I went ahead and selected a nice game map called "de desertcomplex" from member "ded OK" with his permision and converted it from the original .bsp map format to a WebGL 3d webpage. It's not as simple as it sounds though, there is some "rotating" and "scale" adjusting to do to the main mesh, not to mention applying "alpha channel" transparency to a few of the textures. I did this just to demonstrate that it can be done. I only implemented the main mesh, none of the "entities" or packaged models are included from the original .bsp map, since they did not translate well through the two conversions. Anyway, before you check it out, please be aware that this is a large 3d scene for it to be WebGL, so after testing out both Firefox and Chrome web browsers, I noticed that you will get a much higher frame rate with Chrome than you will with Firefox. Well, here it is: [WebGL Game Map...](http://titodesign.net84.net/cstrike_de_desertcomplex/Desert_Complex.html)
Very interesting, we are doing a bit of work about integrating WebGL into the site for 3D model previews - I never thought about map previews as well.
Would people here be interested in in-browser previews on map submissions?
As a programmer, I recognize how cool this is. I'm also familiar enough with map formats to know Source's BSP isn't the normal BSP so props to you for reverse engineering it. Unless it's documented somewhere and I just don't know about that, but still, props.
I'm not a fan of this mouse control, though. And draw distances seem a bit shallow. Still, I'm impressed.
Although I'm also aware that Irrlicht has had web integration and BSP support for quite a while and I now wonder if you used that as your base.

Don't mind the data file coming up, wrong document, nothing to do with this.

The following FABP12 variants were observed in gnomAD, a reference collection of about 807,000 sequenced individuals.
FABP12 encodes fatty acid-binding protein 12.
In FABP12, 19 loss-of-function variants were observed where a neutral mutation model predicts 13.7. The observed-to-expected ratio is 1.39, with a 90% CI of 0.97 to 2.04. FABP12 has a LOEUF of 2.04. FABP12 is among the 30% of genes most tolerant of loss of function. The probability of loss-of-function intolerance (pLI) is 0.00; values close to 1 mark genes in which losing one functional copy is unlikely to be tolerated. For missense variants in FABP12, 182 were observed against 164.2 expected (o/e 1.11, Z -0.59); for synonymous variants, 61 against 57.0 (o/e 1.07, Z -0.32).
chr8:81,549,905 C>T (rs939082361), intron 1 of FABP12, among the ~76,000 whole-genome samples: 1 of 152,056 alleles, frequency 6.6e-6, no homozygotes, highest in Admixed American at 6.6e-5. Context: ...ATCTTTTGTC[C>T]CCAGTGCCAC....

I did not use Ambiera's Irrlicht tool, I used their other main tool, Coppercube. Coppercube is basically a WYSIWYG WebGL and Flash editor that non-programmers can use to output WebGL, Flash and stand alone .exe applications. Coppercube can import .bsp maps, but it seems only the Quake 3 level versions, not the ones from Valve. The way I did it, I opened a Counter Strike .bsp map with Crafty, which is a map viewer that can also convert the maps to a .obj format textured mesh. I then imported the .obj map model in to the Coppercube 3d editor, where I did a few adjustments to the mesh and added the fps camera. Once this was done, I published it as a WebGL HTML5 webpage. Coppercube can also import animated models and export playable fps games, all without writing a single line of code! For those of you really interested in all of this, I strongly recommend you check out Ambiera and thier Coppercube tool, and while you are there, check out their nifty WebGL demos.
> **Posted by Sally-2K**
> The fuck I must try this!
Then by all means, go for it! It's easier than you think. If a non-map maker like me can do it, then you can really do it. Now, I do some 3d modeling, but I use other programs, not hammer. By trade, I am a freelance commercial website developer.
> Gj! I like it.
I'm glad the original maker of this map likes it. Now, you mentioned before with Firefox you were only getting something like 15fps and like such it made it difficult to navigate. I strongly recommend if you can, switch to Google Chrome, it does a lot better job at rendering large WebGL scenes than Firefox. With Chrome, you will get almost twice the frames per second as you can get with Firefox.